Rule Compilation Algorithm

Jube relies on the injection of VB .Net code which is subsequently complied by reflection in the .net core runtime. While this allows for extremely fast rules to be created it does expose security issues in the possibility of code injection. This code injection could be sinister given the breadth of the .net API (although the Jube instance should be run with the least privileges, not needing to perform any disk IO or operating system level interaction beyond logging, and even logging can be offloaded via syslog).

To ensure that malicious code cannot be been injected, an integrity check on the all code created by the user is performed before compile on creation and in the background during model synchronisation. In the event that the code does not pass an integrity check, it would be bypassed, with ERROR level being written to the logs.

All tokens inside a rule must be registered in the RuleScriptToken table in the database:

select * from "RuleScriptToken"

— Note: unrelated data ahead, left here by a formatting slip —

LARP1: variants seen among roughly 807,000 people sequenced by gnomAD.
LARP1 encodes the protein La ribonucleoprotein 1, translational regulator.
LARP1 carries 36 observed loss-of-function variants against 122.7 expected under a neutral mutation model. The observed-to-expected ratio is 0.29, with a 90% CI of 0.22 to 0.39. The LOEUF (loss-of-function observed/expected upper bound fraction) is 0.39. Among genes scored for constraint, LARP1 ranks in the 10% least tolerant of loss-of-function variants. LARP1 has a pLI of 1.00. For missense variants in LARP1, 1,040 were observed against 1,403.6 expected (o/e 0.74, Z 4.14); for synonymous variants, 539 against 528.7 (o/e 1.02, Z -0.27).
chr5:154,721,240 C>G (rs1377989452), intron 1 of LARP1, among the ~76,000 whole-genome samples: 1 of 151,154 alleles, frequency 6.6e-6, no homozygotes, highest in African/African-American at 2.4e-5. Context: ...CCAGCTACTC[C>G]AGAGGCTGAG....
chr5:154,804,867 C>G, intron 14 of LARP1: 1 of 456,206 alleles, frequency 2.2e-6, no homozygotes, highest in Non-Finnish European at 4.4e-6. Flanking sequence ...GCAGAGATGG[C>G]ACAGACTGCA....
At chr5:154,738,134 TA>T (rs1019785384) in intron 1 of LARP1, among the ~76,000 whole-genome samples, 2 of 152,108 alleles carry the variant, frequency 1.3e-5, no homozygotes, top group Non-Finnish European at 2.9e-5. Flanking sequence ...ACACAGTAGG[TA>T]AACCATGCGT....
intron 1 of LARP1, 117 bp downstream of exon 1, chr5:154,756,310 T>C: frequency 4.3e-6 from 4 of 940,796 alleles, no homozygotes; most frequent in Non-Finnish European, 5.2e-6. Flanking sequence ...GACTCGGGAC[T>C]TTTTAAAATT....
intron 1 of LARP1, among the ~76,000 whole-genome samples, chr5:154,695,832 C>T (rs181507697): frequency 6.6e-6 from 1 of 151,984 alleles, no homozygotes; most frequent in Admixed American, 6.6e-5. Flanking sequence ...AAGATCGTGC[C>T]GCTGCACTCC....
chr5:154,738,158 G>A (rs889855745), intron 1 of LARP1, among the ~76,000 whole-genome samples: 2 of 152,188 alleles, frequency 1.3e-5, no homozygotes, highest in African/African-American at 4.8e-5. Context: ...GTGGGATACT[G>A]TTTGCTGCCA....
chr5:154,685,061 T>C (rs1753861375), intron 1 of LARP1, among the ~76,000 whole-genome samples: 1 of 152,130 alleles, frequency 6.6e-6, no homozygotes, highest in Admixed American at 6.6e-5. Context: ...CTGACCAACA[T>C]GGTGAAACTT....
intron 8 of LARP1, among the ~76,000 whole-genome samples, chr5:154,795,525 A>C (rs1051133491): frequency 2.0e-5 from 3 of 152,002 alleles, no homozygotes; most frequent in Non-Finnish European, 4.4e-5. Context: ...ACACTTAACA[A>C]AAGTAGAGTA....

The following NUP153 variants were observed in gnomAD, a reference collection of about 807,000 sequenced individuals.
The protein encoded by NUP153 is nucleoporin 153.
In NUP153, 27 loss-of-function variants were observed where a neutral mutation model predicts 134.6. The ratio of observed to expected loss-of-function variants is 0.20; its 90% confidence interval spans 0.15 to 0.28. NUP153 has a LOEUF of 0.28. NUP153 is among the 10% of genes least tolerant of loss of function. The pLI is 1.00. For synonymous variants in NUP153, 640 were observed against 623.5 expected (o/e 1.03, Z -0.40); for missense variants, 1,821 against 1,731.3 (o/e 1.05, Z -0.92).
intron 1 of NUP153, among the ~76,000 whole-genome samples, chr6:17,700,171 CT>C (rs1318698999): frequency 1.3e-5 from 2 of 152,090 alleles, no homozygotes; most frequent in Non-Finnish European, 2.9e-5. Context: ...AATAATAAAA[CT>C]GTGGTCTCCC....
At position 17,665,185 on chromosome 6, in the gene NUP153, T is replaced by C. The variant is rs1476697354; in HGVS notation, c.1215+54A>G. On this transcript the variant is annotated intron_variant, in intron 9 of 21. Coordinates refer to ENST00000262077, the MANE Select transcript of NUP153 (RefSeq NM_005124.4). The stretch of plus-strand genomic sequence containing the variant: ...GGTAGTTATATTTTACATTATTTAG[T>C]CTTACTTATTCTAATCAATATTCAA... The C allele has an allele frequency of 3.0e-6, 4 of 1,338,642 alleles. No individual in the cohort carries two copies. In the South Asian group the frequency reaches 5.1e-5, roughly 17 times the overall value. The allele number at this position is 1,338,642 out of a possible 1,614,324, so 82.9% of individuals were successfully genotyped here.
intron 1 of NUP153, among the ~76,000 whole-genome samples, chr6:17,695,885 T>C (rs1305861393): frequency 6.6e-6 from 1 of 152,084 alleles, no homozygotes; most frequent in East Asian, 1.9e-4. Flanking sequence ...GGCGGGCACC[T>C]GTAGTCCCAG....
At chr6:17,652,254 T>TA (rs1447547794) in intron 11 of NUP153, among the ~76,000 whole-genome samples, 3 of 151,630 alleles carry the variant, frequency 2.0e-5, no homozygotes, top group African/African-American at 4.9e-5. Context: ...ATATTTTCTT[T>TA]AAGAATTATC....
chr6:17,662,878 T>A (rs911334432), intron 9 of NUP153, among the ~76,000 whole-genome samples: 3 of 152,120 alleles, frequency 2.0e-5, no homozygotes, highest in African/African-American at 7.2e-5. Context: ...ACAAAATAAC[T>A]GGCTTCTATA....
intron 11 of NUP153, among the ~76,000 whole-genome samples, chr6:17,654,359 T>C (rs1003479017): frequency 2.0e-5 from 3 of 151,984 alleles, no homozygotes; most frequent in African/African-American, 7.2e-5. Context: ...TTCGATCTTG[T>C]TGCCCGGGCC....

There are some default tokens which are embedded into the parser already, but they support only the most basis logic statements and object names from model invocation. The following tokens are hard coded:

{“Return”,”If”,”Then”,”End If”,”False”,”True”,”Payload”,”Abstraction”,”Activation”,”Select”,”Case”,”End Select”,”Contains”,”Sanction”,”KVP”,”List”,”TTLCounter”,”String”,”Double”,”Integer”,”DateTime”,”CType”,”Boolean”,”Data”,”Calculation”,”Not”}

The parse function takes a string containing a VB .Net code fragment and performs several steps to parse for integrity. For the purposes of this example, the following rule will be parsed for integrity: